Home Sports USWNT coach Emma Hayes arrives in America with her work cut out ahead of Paris Olympics

USWNT coach Emma Hayes arrives in America with her work cut out ahead of Paris Olympics

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Chelsea manager Emma Hayes celebrates with the trophy after winning the English Women's Super League soccer match between Manchester United and Chelsea at Old Trafford in Manchester, England, Saturday, May 18, 2024. (Martin Rickett/PA via AP)

NEW YORK – Emma Hayes looked out the window of a third-floor conference room overlooking Madison Avenue, across the bustling city where her coaching career first blossomed, and suddenly memories flooded back.

She was flooded Wednesday upon arrival at Newark Liberty International Airport. They flowed again as Hayes navigated crowded streets and strolled through Central Park, for the first time as head of the U.S. women’s national team. “It’s my home,” she said.

He recalled arriving in New York when he was 20, with $1,000 plus a backpack full of clothes and a job on soccer fields on Long Island. He jumped from Port Washington to Manhattan, from the shadow of the Throgs Neck Bridge to Westchester. She traveled throughout the region, even as far as Rhode Island, as an anonymous Brit looking for a foothold in the sport she loved. She remembers “struggling to stay in the country with different visas.” She remembers worrying about rent. And she remembers dreaming, dreaming of climbing the ladder, perhaps all the way to the helm of the USWNT, which, at the time, was at the top of women’s soccer.

Some 23 years later, she is here, in part because the USWNT is no longer there.

He’s fallen off the top of the mountain and Hayes has been hired, on an unprecedented contract, to get him back up again.

So there is very little time left to remember. “We have work to do,” Hayes said Thursday, 40 minutes into a roundtable with reporters, when asked about immediate expectations. “The reality is… the rest of the world no longer fears the United States like they used to. … Our job is to understand, pretty quickly, what we have to do to get closer to (championship) levels again.”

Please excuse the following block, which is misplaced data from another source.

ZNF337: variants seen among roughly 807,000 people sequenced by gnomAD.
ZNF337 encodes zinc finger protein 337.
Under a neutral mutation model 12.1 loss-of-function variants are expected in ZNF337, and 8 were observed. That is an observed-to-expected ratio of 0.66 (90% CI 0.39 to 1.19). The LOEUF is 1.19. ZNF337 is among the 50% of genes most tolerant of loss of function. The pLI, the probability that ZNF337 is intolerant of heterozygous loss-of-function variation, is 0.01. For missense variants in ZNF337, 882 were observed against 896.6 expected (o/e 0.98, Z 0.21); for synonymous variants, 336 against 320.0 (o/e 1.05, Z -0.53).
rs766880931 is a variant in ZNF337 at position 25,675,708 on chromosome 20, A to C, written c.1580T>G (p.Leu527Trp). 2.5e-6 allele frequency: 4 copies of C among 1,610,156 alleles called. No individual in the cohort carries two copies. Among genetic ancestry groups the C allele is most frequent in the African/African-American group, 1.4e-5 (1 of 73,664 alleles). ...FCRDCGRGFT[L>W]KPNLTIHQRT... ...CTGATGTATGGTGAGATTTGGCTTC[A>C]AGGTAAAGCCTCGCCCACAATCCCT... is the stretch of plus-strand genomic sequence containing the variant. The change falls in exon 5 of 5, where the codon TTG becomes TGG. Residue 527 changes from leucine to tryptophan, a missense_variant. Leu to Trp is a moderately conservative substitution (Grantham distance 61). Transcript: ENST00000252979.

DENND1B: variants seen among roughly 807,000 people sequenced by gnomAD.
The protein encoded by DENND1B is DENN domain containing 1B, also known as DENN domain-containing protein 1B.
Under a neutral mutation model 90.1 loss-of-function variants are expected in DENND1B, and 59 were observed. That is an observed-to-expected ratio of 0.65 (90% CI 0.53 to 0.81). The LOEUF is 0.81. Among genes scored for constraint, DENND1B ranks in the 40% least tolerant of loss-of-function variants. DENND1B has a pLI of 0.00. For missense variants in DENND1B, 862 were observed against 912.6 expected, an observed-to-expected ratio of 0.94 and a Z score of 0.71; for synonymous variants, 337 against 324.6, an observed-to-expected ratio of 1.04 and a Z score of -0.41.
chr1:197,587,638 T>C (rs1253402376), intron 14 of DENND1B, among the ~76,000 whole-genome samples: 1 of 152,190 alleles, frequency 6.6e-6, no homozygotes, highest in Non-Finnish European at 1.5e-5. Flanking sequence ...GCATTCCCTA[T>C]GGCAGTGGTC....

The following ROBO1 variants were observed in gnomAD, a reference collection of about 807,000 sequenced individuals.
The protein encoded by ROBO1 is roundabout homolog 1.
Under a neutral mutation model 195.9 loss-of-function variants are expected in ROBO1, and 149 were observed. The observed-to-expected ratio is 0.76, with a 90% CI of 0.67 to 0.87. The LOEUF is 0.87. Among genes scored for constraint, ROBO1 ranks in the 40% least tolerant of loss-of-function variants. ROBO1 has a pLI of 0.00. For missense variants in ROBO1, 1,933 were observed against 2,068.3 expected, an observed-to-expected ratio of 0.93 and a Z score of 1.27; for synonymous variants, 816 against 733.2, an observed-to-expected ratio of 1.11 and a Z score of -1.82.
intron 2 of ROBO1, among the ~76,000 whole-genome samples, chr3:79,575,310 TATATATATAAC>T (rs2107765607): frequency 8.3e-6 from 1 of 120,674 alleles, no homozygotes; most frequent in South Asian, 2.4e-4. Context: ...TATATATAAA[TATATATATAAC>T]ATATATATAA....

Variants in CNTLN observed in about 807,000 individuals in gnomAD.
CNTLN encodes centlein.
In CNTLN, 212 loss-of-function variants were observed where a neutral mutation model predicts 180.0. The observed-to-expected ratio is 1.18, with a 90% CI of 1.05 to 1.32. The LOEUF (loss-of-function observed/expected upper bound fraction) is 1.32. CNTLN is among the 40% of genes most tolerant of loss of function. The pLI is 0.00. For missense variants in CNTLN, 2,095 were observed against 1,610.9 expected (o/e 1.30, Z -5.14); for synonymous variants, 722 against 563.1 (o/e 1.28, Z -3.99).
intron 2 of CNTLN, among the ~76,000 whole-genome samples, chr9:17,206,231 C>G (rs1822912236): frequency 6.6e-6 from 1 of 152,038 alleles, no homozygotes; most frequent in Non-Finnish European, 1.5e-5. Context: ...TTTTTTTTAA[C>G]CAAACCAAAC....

Former Chelsea coach Emma Hayes brings a winning history to the USWNT. (Martin Rickett/PA via AP)

Hayes has been doing that work “in the background” for months, speaking with USWNT interim coach Twila Kilgore “on many long, late-night calls” in London. “I feel like I’ve been able to get to know the job quietly without being in it,” she said Thursday, “quietly” out of respect for Chelsea, who, until Sunday, remained his full-time employer.

But he’s been watching NWSL games and clips of individual players. For Kilgore, he has been nurturing “changes” and “ideas that he wanted to incorporate.” When he talks about the USWNT’s evolution in recent months, he uses first-person plural phrases, such as “what we’ve done so far.”

Work, however, will begin in earnest on Friday. Hayes will fly to Colorado to meet with her staff, which she has carefully selected and molded. At least five Chelsea assistants He will follow her to America and join Kilgore. Bart Caubergh, previously Chelsea’s head of performance, will take on a new role that Hayes pushed to create in conversations with US Soccer sporting director Matt Crocker: “program director” of the USWNT.

“What I’ve learned over the years doing this is that you have two different teams,” Hayes explained. “You have the team on the field and you have the team off the field. And it is extremely difficult for a coach to manage both.”